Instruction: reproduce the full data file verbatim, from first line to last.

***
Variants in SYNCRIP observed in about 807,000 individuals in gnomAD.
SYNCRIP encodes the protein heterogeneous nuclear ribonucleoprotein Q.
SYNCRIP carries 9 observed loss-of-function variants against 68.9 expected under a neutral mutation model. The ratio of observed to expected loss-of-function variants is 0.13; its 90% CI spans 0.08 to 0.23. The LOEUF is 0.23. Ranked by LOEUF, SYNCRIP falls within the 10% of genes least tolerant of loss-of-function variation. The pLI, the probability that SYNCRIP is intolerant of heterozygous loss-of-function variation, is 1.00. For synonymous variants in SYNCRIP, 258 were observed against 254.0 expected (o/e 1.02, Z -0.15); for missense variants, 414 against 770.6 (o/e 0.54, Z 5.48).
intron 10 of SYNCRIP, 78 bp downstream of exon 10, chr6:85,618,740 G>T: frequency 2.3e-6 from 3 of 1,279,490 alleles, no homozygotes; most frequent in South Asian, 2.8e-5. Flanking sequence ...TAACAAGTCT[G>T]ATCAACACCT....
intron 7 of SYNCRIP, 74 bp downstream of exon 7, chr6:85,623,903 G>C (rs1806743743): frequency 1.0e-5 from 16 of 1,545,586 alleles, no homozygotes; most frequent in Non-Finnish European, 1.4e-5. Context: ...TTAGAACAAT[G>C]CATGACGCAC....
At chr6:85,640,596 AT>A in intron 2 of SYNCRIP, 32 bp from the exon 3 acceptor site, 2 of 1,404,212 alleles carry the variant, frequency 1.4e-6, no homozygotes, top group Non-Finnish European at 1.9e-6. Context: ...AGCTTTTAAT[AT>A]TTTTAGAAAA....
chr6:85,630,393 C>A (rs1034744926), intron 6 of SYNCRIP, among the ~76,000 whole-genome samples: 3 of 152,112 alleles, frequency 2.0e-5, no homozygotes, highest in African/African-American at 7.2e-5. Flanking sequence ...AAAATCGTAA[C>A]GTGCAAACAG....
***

Variants in SYNCRIP observed in about 807,000 individuals in gnomAD.
SYNCRIP encodes the protein heterogeneous nuclear ribonucleoprotein Q.
SYNCRIP carries 9 observed loss-of-function variants against 68.9 expected under a neutral mutation model. The ratio of observed to expected loss-of-function variants is 0.13; its 90% CI spans 0.08 to 0.23. The LOEUF is 0.23. Ranked by LOEUF, SYNCRIP falls within the 10% of genes least tolerant of loss-of-function variation. The pLI, the probability that SYNCRIP is intolerant of heterozygous loss-of-function variation, is 1.00. For synonymous variants in SYNCRIP, 258 were observed against 254.0 expected (o/e 1.02, Z -0.15); for missense variants, 414 against 770.6 (o/e 0.54, Z 5.48).
intron 10 of SYNCRIP, 78 bp downstream of exon 10, chr6:85,618,740 G>T: frequency 2.3e-6 from 3 of 1,279,490 alleles, no homozygotes; most frequent in South Asian, 2.8e-5. Flanking sequence ...TAACAAGTCT[G>T]ATCAACACCT....
intron 7 of SYNCRIP, 74 bp downstream of exon 7, chr6:85,623,903 G>C (rs1806743743): frequency 1.0e-5 from 16 of 1,545,586 alleles, no homozygotes; most frequent in Non-Finnish European, 1.4e-5. Context: ...TTAGAACAAT[G>C]CATGACGCAC....
At chr6:85,640,596 AT>A in intron 2 of SYNCRIP, 32 bp from the exon 3 acceptor site, 2 of 1,404,212 alleles carry the variant, frequency 1.4e-6, no homozygotes, top group Non-Finnish European at 1.9e-6. Context: ...AGCTTTTAAT[AT>A]TTTTAGAAAA....
chr6:85,630,393 C>A (rs1034744926), intron 6 of SYNCRIP, among the ~76,000 whole-genome samples: 3 of 152,112 alleles, frequency 2.0e-5, no homozygotes, highest in African/African-American at 7.2e-5. Flanking sequence ...AAAATCGTAA[C>A]GTGCAAACAG....